I [26F] have been married to my husband [26M] for almost a year now (we live in the Midwest USA.) Before getting married we dated for 5 years, on and off , as he broke up with me 3 times during that span and begged me to take him back each time. Right before the wedding I found out my husband had a large amount of debt that he hadn’t disclosed to me until we got a joint bank account.Anonymous, /r/relationship_advice.
Anyway, I just started a new job and work as a part time massage therapist (18 hrs a week,) and make decent tips. My paycheck goes into our joint account as he says we cannot have separate accounts. When he found out how much I’m making in tips (about $100-200/wk on a good week) he demanded that I put that money in our joint account. I refused and said I’d like to save it to buy myself something nice or to save it for a vacation for the both of us. He blew up and told me it’s not “my money” that it’s “our money” and that it should be spent by the both of us and not by me. I told him that’s what my paycheck is for and that I’d like to keep my tip money because I earned it for doing a good job at work for my clients. He says that’s not fair because he doesn’t get tips at his job even though he makes much more than I do per year and he says he doesn’t like the idea of not knowing how much money I have or what I spend it on… He constantly asks me to tell him when I spend money, such as buying gas, groceries, and other things like that.
Aside from that, I spend a lot of time with my family. Such as going to have a beer with my brother after work, visiting my mom for an afternoon, and seeing my niece and nephew when I can. He’s told me before that he doesn’t like me not coming home right away after work even though he knows I’m spending time with my family. He also doesn’t come to many events my family invites him to. At the beginning of the summer I spent a week at my family cabin with my dad, who I don’t get to see often, and each day I was there my husband kept asking me when I was coming home and why I was staying so long. He never acted like this before we got married so I am not sure what has changed.
Is my husband being controlling or am I just being irrational about these things?
I’d like to start by telling y’all a story about my childhood experience.
I grew up in a poor apartment complex of a now-metropolitan city in South Korea called Suwon. I grew up surrounded by a very closely knit group of folks – almost like an extended, chosen family – who all collectively participated in raising all the kids in the block together. There were many instances where my family had neighborhood kids over for impromptu dinner, and many more where I was an unexpected guest at my neighbors’ dining tables. The apartment complex I lived in was older and aged. But as a little kid, I thought the four-floor apartments were towering titans, and the driveways between those apartments were incredibly wide roads. It wasn’t until I revisited Korea – this time as an adult – that I realized how small those apartments and narrow those driveways were. And it wasn’t until I had an opportunity to reflect on some of my and my neighbors’ family dynamics how dysfunctional and disconnected they all were. The true essence of dysfunction wasn’t ready for me when I was engaged in that world, but only visible once I had some distance to analyze and assess signs in order to determine a pattern. I just didn’t have enough data points back then to paint a fuller picture of what I was seeing.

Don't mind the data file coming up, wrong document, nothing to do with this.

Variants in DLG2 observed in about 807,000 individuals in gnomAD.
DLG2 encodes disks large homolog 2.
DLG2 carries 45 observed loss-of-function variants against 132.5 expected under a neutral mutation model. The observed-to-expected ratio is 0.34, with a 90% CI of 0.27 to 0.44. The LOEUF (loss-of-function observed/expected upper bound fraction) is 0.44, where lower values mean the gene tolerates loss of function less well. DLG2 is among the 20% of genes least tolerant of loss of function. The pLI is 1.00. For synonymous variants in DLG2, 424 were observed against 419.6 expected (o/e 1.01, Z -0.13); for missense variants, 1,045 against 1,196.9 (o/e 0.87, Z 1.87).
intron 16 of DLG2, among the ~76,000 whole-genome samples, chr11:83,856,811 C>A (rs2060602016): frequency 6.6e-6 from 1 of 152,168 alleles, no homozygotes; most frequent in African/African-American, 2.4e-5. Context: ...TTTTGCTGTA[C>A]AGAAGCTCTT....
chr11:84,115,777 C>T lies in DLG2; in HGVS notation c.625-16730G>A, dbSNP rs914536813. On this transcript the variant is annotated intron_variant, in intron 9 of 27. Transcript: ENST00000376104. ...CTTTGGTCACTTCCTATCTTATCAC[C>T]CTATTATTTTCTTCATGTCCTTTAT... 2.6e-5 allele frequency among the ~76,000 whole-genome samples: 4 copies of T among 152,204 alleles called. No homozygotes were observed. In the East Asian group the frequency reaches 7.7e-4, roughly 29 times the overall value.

I do think that your partner is not only incredibly controlling, but also engaging in very abusive behaviors.
There is a lot that you’ve outlined in your story as well as follow up comments that point to very troubling signs regarding your relationship and your spouse. In this post, I will point out four different instances in which your spouse has engaged in a controlling and abusive behavior so that you too may see the essence of dysfunction that lies beneath your relationship with your spouse.
The Undisclosed Debt
I too am a Midwesterner. And most folks from the Midwest I’ve grown up with are inconspicuously proud and hearty people. We don’t really want to be extravagant in displays of our wealth, but appear as if we are comfortable in the way we live. There is a serious sense of shame among not being able to appear financially comfortable. In the same way, it could be possible that your partner felt deeply shameful about the debt he had to incur, and delayed communicating his true financial status with you out of shame and guilt. That is if we give him the benefit of the doubt that his undisclosed debt was out of good will.